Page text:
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When severe emotional damage prevents brief therapy…

Julie Lawrence explains some complex forms of PTSD caused by severe emotional harm in childhood, and explores a role for HG therapists. And Emily Gajewski shares her case experience below.


“It seemed like it was happening to someone else”

NAN came to me for therapy because she thought she was having a “nervous breakdown”. Matters had come to a head when she lost her phone, which left her crying uncontrollably for a whole day. Even recalling the loss of the phone during the session made her extremely emotional. She kept repeating, “I lost my phone!” and her crying had an infantile quality. Between crying episodes, she seemed wary, unable to describe either how she felt or why the phone loss had affected her so deeply. She had no memory of anything from the past that might have triggered such a reaction – indeed, she had only a hazy recollection of her childhood at all. She clearly had symptoms of depression, so we agreed to focus on that In the next session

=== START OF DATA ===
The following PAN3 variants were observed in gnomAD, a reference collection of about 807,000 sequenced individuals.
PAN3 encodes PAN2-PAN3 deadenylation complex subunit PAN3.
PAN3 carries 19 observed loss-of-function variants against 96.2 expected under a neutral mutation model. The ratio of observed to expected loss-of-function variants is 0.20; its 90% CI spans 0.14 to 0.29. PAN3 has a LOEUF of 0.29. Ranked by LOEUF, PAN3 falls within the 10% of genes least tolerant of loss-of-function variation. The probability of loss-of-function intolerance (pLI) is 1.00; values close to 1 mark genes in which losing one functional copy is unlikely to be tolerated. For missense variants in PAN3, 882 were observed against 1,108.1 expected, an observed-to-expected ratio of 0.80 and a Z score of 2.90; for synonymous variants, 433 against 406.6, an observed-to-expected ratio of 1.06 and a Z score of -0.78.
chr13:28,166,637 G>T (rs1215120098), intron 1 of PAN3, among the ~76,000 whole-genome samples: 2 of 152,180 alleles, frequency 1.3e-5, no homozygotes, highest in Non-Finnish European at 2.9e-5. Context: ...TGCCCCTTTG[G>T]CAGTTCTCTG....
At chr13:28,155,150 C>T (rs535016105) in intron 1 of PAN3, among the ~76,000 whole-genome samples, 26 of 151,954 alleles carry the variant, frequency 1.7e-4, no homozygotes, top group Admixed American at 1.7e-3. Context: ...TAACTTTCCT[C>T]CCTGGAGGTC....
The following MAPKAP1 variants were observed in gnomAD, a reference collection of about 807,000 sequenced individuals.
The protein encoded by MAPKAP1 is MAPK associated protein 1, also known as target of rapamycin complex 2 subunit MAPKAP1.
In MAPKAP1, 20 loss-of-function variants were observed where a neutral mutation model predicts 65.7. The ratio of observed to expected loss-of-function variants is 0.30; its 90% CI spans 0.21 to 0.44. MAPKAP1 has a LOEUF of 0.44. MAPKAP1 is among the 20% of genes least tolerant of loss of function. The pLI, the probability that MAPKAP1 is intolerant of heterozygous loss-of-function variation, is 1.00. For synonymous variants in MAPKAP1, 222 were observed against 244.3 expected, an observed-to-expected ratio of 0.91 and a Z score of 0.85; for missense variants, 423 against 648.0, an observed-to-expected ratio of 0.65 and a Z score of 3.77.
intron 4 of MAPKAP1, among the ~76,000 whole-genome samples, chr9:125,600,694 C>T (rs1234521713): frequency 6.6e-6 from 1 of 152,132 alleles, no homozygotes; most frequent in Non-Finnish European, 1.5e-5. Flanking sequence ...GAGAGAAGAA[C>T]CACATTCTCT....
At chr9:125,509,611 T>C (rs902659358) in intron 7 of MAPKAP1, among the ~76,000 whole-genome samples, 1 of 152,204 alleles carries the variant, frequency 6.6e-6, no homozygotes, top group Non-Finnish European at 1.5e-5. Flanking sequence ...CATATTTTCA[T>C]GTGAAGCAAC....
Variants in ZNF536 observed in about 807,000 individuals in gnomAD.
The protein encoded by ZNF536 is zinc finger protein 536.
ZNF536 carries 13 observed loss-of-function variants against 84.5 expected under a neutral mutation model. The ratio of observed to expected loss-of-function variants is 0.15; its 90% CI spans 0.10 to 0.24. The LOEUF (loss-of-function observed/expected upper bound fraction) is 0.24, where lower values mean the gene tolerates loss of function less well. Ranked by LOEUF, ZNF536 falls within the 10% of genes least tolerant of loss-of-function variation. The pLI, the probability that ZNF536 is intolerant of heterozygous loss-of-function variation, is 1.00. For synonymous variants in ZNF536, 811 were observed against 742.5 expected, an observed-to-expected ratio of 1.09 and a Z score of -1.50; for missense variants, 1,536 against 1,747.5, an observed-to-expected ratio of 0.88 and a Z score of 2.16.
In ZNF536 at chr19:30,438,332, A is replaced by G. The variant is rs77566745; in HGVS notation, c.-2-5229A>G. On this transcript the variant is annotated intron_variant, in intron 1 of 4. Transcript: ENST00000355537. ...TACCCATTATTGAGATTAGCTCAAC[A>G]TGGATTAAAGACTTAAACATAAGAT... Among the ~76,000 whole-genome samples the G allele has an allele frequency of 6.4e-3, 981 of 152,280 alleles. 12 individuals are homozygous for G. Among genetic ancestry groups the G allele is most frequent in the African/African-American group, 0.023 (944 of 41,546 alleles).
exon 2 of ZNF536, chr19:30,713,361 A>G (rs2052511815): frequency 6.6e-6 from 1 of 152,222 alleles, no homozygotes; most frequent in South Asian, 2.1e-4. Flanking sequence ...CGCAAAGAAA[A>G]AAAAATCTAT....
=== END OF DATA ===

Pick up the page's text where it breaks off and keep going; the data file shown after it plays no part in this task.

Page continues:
In the next session, she started to talk about her problematic relationship with her parents. She was preoccupied with speaking to them, and visiting them, both of which made her miserable, yet she felt compelled to do it. This led to a memory from childhood which involved a prolonged beating from her mother – she could not fully bring this memory into mind, but reconnecting with it created the same type of uncontrollable crying she had experienced in the first session. She also talked about her partner being violent and described a “strange state” she went into when he hit her, a state “like not being there”, which she said she had experienced a lot. It was at this point that I realised that she had been experiencing dissociation – disconnection from the world around her.